The last general court established a fifth Normal School at Worcester. The ground has been selected, plans agreed upon and contracts partially made, and it is expected that the buildings will be ready for occupancy before another year. The benefits that have resulted from the establishment of Normal Schools are so fully appreciated that nothing need be said in their behalf. Between 900 and 1,000 pupils can be taught in these schools, and more than 200 graduated every year.
While the Normal Schools are performing a most valuable service in raising the standard of teaching throughout the whole Commonwealth, their capacity to educate trained teachers has hardly kept pace with the increase of population, and is rapidly falling short of meeting the great increase in the demand for such teachers.
But though more Normal Schools are required, a sufficient number for the training of all our teachers could not be provided, except by a large permanent annual expenditure; nor would this answer the purpose, for a large proportion of the teachers could not afford the time and expense required to graduate, and, moreover, teachers need different degrees and kinds of training for different grades and descriptions of schools. Some other system must be devised. Two plans have been suggested. One contemplates the establishment of several Normal Schools, with a course of three or six months, devoted to a strictly professional course of instruction in the art of organizing, governing and instructing schools. From four to six hundred teachers could be trained yearly in each of these, at an expense not much greater than is now required at the Normal Schools, and they would be much better fitted for their work than are the present large number of teachers who lack special training. This plan has been fully elaborated by one of the best educators in our country, and his recommendation is sufficient to entitle it to the most careful consideration. There are some decided advantages in introducing normal instruction into the High Schools and Academies. These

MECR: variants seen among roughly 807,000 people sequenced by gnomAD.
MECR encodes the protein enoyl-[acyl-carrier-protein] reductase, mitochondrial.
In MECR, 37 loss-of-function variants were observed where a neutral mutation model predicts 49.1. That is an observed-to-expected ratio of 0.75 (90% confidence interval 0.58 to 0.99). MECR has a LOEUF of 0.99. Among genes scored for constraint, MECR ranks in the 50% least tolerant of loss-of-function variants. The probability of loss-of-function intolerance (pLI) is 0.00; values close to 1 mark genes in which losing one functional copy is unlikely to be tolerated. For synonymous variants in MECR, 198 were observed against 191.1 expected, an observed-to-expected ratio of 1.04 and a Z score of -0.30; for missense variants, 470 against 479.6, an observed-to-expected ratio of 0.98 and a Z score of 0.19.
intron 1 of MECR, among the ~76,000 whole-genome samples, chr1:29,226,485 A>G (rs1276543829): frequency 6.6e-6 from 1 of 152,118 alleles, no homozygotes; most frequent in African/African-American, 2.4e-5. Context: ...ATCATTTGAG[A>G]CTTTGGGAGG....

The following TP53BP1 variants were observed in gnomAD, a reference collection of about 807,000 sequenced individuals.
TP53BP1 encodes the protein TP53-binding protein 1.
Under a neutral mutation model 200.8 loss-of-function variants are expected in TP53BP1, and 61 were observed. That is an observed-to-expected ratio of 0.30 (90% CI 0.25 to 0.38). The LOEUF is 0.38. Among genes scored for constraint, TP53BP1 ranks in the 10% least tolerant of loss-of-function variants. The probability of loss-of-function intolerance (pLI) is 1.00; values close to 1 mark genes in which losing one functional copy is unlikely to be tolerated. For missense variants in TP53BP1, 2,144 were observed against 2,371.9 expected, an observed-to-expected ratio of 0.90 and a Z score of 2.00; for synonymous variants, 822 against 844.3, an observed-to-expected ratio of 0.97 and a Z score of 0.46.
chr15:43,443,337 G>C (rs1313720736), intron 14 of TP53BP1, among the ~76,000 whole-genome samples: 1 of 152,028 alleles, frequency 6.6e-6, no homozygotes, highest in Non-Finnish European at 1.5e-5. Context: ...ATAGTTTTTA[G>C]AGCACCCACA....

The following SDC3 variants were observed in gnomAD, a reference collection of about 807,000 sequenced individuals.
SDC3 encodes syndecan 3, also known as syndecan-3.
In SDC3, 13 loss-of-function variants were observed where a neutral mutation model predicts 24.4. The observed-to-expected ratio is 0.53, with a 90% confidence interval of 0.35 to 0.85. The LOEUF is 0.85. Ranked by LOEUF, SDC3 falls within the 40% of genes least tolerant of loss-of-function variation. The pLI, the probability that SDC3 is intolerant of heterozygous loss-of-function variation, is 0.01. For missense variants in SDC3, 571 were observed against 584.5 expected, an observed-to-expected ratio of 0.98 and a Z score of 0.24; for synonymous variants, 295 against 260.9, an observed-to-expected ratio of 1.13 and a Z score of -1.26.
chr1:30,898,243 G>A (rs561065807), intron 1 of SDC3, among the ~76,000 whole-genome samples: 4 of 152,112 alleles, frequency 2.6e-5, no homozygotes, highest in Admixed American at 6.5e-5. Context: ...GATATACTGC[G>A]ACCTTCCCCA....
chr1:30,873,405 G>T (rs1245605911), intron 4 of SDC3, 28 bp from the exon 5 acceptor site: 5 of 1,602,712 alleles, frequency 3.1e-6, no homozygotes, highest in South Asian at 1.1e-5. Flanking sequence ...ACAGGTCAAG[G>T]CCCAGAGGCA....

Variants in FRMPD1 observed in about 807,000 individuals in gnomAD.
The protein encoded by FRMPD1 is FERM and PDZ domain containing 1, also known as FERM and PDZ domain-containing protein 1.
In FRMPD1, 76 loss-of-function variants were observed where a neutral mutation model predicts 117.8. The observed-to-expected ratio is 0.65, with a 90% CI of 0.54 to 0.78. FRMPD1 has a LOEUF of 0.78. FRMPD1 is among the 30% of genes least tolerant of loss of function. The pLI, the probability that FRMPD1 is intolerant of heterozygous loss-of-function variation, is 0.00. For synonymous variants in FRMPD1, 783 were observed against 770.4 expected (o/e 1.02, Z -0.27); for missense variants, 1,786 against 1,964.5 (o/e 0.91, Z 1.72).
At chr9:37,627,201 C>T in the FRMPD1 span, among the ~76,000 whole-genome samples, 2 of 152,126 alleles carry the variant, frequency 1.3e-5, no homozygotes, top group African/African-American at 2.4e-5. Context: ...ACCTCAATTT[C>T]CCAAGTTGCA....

schools are in successful operation in locations where the pupils live and the teachers are needed. No additional expense would be required for the construction and maintenance of the schools, and a department for this branch of education can be as well established there as in separate schools.